Your viewpoint character cannot know what other characters are feeling unless the other character tells them. This means that you can’t, as the author, tell the reader what a non-viewpoint character feels. This error happens more often than you’d realize — and you most likely would miss it in your own writing if you weren’t specifically looking for it.

For example, if you were writing in the third person, from Alex’s viewpoint, and another character (let’s call him) Bob was feeling angry, you might write that “Bob slammed the door in anger”.

That’s a POV inconsistency since although Alex might guess that Bob is angry, he can’t actually know that Bob is angry, therefore can’t be certain that the door was slammed the door in anger — the wind might have caught the door and caused it to slam as Bob was closing it, for example.

When you’re editing your novel, watch out for these kinds of phrases — and any other situations where non-viewpoint characters emotions are written about.

b.  Attributing motivation to non-viewpoint characters

When you’re writing about a non-viewpoint character, it’s really easy to slip into the trap of telling the reader why the character did something. For example, if Ben isn’t a viewpoint character (but Aaron isthe viewpoint character), writing: “Ben spotted Aaron in the crowd and hurried to meet him,” would be a POV inconsistency.

With these kinds of errors, spotting them isn’t easy, unfortunately — especially when you’re editing your own work. With practice, however, you can become more attuned to recognizing them.

c.  Telling the reader what a non-viewpoint character thought or saw

Your viewpoint character can’t possibly know what another character is thinking or know if a non-viewpoint character saw something that the viewpoint character isn’t able to see. If the viewpoint character can’t see it or know it, then your reader can’t know it either. If you want your reader to have that kind of bird’s eye knowledge, then you need to write from an omniscient point of view.

For example, if Jennifer is your viewpoint character and Stefan is a non-viewpoint character, then the following passage would be a viewpoint inconsistency:

“Are you serious?” Jennifer asked.

Stefan swallowed.I’ve gone too far, he thought, absently rubbing his fingers over the fidget spinner in his pocket.

When you’re editing your novel, you can try using your word processor’s ‘find’ function to search for words like:

  • thought
  • noticed
  • realized
  • wondered
  • believed
  • remembered
  • knew
  • reviewed
  • recalled
  • considered

If you want to improve the quality of your fiction, don’t just remove these words for non-viewpoint characters. Since they’re words associated with telling rather than showing, your novel will be better if you show instead of tell (as much as possible).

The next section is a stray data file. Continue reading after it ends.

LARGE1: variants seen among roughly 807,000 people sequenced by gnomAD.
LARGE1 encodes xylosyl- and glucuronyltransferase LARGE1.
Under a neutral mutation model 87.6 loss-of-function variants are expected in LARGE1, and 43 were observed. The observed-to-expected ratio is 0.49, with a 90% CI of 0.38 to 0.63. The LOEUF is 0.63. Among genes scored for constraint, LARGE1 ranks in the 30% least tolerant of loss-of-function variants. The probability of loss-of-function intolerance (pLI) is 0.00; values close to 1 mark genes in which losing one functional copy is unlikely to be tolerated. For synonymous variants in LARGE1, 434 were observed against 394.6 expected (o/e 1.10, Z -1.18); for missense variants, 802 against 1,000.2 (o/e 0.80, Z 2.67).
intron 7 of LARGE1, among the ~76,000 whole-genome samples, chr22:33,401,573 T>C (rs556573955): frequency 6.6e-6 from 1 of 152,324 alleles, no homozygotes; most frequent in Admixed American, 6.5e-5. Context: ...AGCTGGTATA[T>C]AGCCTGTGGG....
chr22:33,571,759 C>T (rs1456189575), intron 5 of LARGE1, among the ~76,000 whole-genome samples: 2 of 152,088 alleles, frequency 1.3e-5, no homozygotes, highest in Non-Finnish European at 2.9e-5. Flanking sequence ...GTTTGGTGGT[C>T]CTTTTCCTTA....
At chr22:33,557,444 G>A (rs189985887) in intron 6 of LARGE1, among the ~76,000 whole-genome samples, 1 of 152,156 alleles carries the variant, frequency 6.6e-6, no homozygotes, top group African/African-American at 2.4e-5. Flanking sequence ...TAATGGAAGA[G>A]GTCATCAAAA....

d.  Including items that the viewpoint character doesn’t notice or can’t see

This is very similar to the point above about non-viewpoint characters thoughts but takes on a slightly different form. If your character can’t see it, then you can’t write about it — that’s the rule you need to think about when you’re editing your work.

For example (the viewpoint character is Zeke):

Zeke slid quietly back into his seat, not noticing that Mrs. Magnusson had been watching him the whole time.


The bus was crowded, but Zeke managed to find an unoccupied seat. He slipped his headphones on. Up ahead, the traffic was at a standstill due to a multi-vehicle accident.

It’s easy for these kinds of inconsistencies to go unnoticed, and it takes a trained eye to spot them. However, you could use your word processor’s find function to look for phrases like ‘didn’t notice’ and words like ‘unknowingly’, ‘not realizing’, ‘unconsciously’ and so on.

e.  Telling the reader what the viewpoint character looks like

Describing what your viewpoint character looks like is a tough one. If you have your character, for example, thinking about their appearance, then this isn’t a POV inconsistency. A POV inconsistency in this area comes about when you’re describing your character as someone else sees them — i.e. from the outside — which your viewpoint character can’t see.

This often happens in describing facial expressions, for example:

A grimace crossed Bryan’s face

Bryan’s face was a mask of fury

A smirk crossed Bryan’s face.

Fortunately, these kinds of errors are quite easy to spot — and easy to remedy. It’s easy to say instead:

Bryan grimaced

Bryan scowled

Bryan smirked

When we grimace, scowl or smirk, we know about it, because it’s an action that we’re performing — we don’t have to see it from the outside to know we’re doing it, therefore this way avoids inconsistency in POV.

2.Too Many Viewpoints

Getting the balance right with your viewpoints can be a challenge sometimes. If you have more than one viewpoint character, you have to decide whether they will have equal viewpoint time or whether one character will get more than the others. When you have multiple viewpoints, however, problems can occur — and your novel can become messy and difficult for your readers to follow. I once read a novel that had so many viewpoints — and so many viewpoint changes — that I actually started to feel seasick!